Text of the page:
Provided are a method, system, device, engine, apparatus, and computer-readable media that embodies or carries out the functions of a retrieval system. The selected candidate content item or items are provided to a user or database. A base location is determined. A first location is identified by extracting location data for a first identified content item. Then a first threshold may be set based on a criterion distance determined between the base location and the first location. A candidate location may be identified and the location data for candidate content item extracted. A distance between the base location and the first candidate location may be determined as a candidate distance. A candidate content item may be selected as similar or for retrieval based on the first candidate distance and the first threshold, and a selection signal for the selected candidate content is output, accordingly.
Further a second threshold based on the criterion distance may be set, which second threshold together with the first threshold comprises a range, and then candidate content items are selected if the first candidate distance is within the range.
The first locations may include a location of content item acquisition, a location of content item last usage, or a location of content item most usage. The location may be a content item current location, a content item most recent modification location, or a content item creation location.
The base location may be a current location of the first identified content item, a user home, a user office, a user vehicle, and a user current location.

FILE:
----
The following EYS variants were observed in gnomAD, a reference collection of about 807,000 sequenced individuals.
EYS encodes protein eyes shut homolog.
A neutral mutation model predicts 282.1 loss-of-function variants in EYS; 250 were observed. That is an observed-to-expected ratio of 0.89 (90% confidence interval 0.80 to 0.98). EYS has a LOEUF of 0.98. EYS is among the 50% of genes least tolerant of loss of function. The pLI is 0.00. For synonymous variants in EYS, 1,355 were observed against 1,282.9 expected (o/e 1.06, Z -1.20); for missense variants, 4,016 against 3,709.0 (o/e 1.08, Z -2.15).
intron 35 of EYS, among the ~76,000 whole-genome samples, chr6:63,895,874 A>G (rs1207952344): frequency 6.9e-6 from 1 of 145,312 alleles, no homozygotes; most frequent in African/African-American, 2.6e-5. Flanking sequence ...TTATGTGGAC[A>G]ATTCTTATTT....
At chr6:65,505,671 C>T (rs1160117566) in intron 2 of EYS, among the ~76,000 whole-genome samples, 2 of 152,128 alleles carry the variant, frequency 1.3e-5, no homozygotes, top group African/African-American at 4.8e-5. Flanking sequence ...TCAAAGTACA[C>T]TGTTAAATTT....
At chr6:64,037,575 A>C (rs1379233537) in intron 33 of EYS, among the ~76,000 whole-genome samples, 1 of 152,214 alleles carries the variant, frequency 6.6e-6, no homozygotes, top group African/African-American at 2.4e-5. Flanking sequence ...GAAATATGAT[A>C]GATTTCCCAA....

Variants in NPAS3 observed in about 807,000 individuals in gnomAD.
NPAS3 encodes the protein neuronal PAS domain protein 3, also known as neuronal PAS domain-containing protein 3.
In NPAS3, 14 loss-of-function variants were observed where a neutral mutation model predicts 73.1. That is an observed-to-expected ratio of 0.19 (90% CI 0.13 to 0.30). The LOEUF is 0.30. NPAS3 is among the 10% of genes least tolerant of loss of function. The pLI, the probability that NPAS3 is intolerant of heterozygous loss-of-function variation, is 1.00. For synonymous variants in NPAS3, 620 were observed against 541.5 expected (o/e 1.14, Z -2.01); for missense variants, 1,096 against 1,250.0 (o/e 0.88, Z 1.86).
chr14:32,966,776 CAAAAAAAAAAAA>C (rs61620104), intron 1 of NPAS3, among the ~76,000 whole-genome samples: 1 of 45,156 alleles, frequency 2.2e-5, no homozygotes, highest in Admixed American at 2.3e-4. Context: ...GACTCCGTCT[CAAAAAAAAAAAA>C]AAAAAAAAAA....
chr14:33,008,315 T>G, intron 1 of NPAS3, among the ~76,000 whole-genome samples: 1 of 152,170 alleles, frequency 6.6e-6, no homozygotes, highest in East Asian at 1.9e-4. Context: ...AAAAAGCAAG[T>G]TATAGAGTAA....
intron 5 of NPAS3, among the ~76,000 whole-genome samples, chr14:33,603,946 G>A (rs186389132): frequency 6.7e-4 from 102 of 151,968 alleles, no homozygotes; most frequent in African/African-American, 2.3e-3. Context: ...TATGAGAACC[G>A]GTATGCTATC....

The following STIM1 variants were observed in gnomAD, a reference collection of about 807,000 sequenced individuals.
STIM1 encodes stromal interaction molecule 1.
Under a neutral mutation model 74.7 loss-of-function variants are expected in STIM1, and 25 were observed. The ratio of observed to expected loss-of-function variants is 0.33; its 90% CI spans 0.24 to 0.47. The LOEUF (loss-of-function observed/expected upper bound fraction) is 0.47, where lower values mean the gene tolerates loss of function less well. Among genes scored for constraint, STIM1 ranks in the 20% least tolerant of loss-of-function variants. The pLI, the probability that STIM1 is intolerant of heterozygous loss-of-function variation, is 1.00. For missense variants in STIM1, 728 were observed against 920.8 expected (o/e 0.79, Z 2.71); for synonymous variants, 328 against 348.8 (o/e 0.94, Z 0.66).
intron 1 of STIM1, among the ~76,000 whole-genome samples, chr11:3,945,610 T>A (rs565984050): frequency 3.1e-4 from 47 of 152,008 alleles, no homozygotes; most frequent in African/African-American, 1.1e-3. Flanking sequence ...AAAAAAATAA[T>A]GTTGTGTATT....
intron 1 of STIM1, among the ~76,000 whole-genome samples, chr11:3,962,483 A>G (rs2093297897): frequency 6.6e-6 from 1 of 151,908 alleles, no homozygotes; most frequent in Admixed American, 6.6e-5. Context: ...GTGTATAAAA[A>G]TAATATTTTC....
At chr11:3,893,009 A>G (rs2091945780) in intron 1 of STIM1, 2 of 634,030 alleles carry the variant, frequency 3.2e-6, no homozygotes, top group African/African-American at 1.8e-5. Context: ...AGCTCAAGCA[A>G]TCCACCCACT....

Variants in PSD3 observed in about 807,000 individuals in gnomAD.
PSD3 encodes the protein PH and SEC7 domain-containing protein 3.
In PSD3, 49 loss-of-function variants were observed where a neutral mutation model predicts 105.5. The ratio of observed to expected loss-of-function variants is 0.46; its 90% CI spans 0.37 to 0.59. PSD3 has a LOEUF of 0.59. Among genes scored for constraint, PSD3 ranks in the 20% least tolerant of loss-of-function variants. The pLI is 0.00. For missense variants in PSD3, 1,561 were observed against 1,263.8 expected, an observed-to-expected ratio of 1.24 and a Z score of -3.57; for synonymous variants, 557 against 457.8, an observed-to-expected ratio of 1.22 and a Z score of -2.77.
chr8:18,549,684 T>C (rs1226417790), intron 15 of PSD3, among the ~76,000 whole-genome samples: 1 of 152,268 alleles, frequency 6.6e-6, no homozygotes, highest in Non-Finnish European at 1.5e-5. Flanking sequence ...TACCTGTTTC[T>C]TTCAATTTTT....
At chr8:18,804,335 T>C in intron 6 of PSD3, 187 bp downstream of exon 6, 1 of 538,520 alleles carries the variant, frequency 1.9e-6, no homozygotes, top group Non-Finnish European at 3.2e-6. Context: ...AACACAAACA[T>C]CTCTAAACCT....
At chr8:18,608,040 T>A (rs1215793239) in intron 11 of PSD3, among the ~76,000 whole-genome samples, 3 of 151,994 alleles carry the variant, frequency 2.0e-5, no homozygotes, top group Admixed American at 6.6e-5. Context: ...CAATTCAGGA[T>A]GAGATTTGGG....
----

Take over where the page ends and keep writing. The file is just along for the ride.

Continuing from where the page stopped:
The base location and the location data could be determined based on GPS information or based on user entry.
Further additional identified content items may be identified, locations and distances determined, so that the first threshold may also be set based on these criterion distance determined.
The following discussion and the foregoing figures describe embodiments of Applicant's invention as best understood presently by the inventors however, it will be appreciated that numerous modifications of the invention are possible and that the invention may be embodied in other forms and practiced in other ways without departing from the spirit of the invention. Further, features of embodiments described may be omitted, combined selectively or as a whole with other embodiments, or used to replace features of other embodiments, or parts thereof, without departing from the spirit of the invention. The figures and the detailed description are therefore to be considered as an illustrative explanation of aspects of the invention, but should not be construed to limit the scope of the invention.